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Litir na seachdain aig Ruaraidh MacIllEathain. This week's letter for learners from Roddy MacLean.

5 minutes

Last on

Fri 19 Jun 2009 11:55

Litir 520: Dualchainnt nan iasgairean ann an Cromba

An t-seachdain sa chaidh bha mi ag innse dhuibh mu dhualchainnt nan iasgairean ann an Cromba – dualchainnt aig a bheil dìreach dithis luchd-labhairt a tha fileanta an-diugh. Thàinig leabhar beag a-mach mu a deidhinn o chionn ghoirid – The Cromarty Fisherfolk Dialect. Chaidh a chur ri chèile le Am Baile, stòrlann eadar-lìn a bhuineas do Chomhairle na Gàidhealtachd.

Bha mi a’ coimhead tro liosta de dh’fhaclan anns an dualchainnt sin agus tha feadhainn dhiubh furasta gu leòr a thuigsinn. Tha iad coltach ri faclan ann an dualchainntean eile de dh’Albais. Seo eisimpleir no dhà – bauchles (seann slioparan), belligut (neach sanntach), guloot (fear a tha gròt a dhìth an tastain) agus howp (balgam riòl). Agus tha faclan aca nach fhaighear ann an dualchainntean eile, mar eisimpleir sallikatazaar a tha a’ ciallachadh “deillseag”.

Ach bha Cromba air a chuairteachadh fad ùine mhòr le Gàidhlig agus tha faclan ann an dualchainnt nan iasgairean a dh’èirich bho thùsan Gàidhlig. Seo eisimpleirean bhon leabhar: amitan (a fool), boddach (odd, old man), brachtan (a young chaffinch – bhon Ghàidhlig breacan), buss (a mouth), callach (old woman), cootyach (family group,company or clan) agus crogs (fingers).

Seo feadhainn eile: door cans (fir cones used to smoke fish – bhon Ghàidhlig durcan), dossan (fringe, forelock), gob (the opening or mouth of a receptacle) agus gullachan (an earwig). Agus tha greesoch ann. Tha sin a’ ciallachadh “shivery, shuddery”.

Ged a thàinig a’ Ghàidhlig grìs, grìseach bho Albais bho thùs, tha e coltach gun d’ fhuair na Crombaich am facal greesoch bhon bhuadhair Ghàidhlig.

Seo corra fhacal eile ann an dualchainnt iasgairean Chrombaidh a thàinig bhon Ghàidhlig a rèir choltais: laroch (a house site), meenyach (greedy for dainty fare), parton (small crab), ropach (untidy), sheemie (straw rope – bhon Ghàidhlig sìoman), smoorach (fire ash) agus spatyel (grand or well-dressed – chanadh iad “he’s rael spatyel the day”).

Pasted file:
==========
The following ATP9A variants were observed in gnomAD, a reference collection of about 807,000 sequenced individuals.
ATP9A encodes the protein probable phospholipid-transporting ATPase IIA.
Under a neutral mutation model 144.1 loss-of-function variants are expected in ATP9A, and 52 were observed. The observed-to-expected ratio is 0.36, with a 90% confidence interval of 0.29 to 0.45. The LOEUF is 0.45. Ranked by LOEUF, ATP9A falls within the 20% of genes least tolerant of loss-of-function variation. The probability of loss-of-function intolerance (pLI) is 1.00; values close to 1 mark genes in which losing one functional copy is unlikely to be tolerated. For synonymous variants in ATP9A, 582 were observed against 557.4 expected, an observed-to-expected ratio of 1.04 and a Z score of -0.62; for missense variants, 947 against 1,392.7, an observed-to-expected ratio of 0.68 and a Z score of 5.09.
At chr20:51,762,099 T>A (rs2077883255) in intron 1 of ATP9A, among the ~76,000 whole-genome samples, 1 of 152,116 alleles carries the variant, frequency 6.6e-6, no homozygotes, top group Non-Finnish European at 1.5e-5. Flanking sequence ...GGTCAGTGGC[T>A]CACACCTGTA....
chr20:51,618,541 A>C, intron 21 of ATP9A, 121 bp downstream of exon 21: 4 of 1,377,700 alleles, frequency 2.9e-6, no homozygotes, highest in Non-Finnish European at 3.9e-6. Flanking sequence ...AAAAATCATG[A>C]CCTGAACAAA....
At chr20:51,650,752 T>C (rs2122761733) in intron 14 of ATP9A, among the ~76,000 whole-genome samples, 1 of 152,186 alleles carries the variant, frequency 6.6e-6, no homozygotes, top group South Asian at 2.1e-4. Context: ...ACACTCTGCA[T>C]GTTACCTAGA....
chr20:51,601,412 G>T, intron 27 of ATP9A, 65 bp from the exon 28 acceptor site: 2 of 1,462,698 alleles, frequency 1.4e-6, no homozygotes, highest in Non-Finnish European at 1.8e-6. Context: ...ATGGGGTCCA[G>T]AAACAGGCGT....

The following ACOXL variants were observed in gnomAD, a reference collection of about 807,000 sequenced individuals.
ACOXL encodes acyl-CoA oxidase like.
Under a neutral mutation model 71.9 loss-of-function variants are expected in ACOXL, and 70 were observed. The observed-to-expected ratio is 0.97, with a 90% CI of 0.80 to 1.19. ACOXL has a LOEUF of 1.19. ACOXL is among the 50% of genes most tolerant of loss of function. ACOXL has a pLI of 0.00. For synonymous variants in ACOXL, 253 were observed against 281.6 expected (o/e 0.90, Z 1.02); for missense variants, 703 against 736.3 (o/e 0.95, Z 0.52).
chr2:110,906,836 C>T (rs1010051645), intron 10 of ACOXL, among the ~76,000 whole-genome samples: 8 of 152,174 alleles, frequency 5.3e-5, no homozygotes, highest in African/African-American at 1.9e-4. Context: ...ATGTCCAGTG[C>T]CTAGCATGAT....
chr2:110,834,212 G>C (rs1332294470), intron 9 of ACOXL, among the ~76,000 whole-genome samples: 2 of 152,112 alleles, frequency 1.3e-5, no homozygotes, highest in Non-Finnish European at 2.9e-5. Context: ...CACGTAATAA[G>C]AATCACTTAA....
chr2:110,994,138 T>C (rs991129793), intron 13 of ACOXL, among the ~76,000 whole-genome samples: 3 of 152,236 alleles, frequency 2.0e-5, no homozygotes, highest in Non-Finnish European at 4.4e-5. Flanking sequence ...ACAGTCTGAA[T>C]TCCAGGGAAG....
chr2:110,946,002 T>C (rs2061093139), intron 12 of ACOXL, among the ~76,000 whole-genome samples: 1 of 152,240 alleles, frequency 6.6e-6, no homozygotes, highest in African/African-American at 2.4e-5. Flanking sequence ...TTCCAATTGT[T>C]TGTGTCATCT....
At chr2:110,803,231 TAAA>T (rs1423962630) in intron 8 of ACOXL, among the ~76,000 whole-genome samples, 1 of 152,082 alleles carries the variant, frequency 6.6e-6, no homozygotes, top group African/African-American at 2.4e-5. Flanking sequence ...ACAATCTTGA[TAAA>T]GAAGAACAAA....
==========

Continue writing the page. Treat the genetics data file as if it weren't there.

’S e am facal a bh’ aca orra fhèin Croompach – sin cuideigin a bhuineas do Chromba. Tha sin gu cinnteach bhon Ghàidhlig Crombach. Agus, gu h-inntinneach chanadh iad Ballachalls ris na daoine a bhuineadh do dh’Inbhir Pheofharain. Ann an Ros an Ear ’s e Bail’ a’ Chàil a chanadh muinntir an àite ri Baile Inbhir Pheofharain airson ùine mhòr.

Eadhon an-diugh tha feadhainn anns an sgìre leis am b’ fheàrr Baile a’ Chàil a bhith ann mar ainm Gàidhlig seach Inbhir Pheofharain no, mar a chanar ann an Ros an Iar, Inbhir Pheafharain.

Ann an Cromba bha seann tobar ann air an robh The Stroopie Well. Bha muinntir an àite a’ dèanamh dheth gun robh an t-uisge sin na leigheas airson iomadach rud. Airson a bhith èifeachdach, ’s e clann òg a dh’fheumadh an t-uisge a thoirt dhachaigh. Agus gheibheadh a’ chlann duais. B’ e sin bonnach beag le toll anns a’ mheadhan a bh’ air a dhèanamh leis an taois agus min-fhlùir a bh’ air fhàgail air a’ chlàr-fhuine nuair a bha an t-aran air a dhol don àmhainn.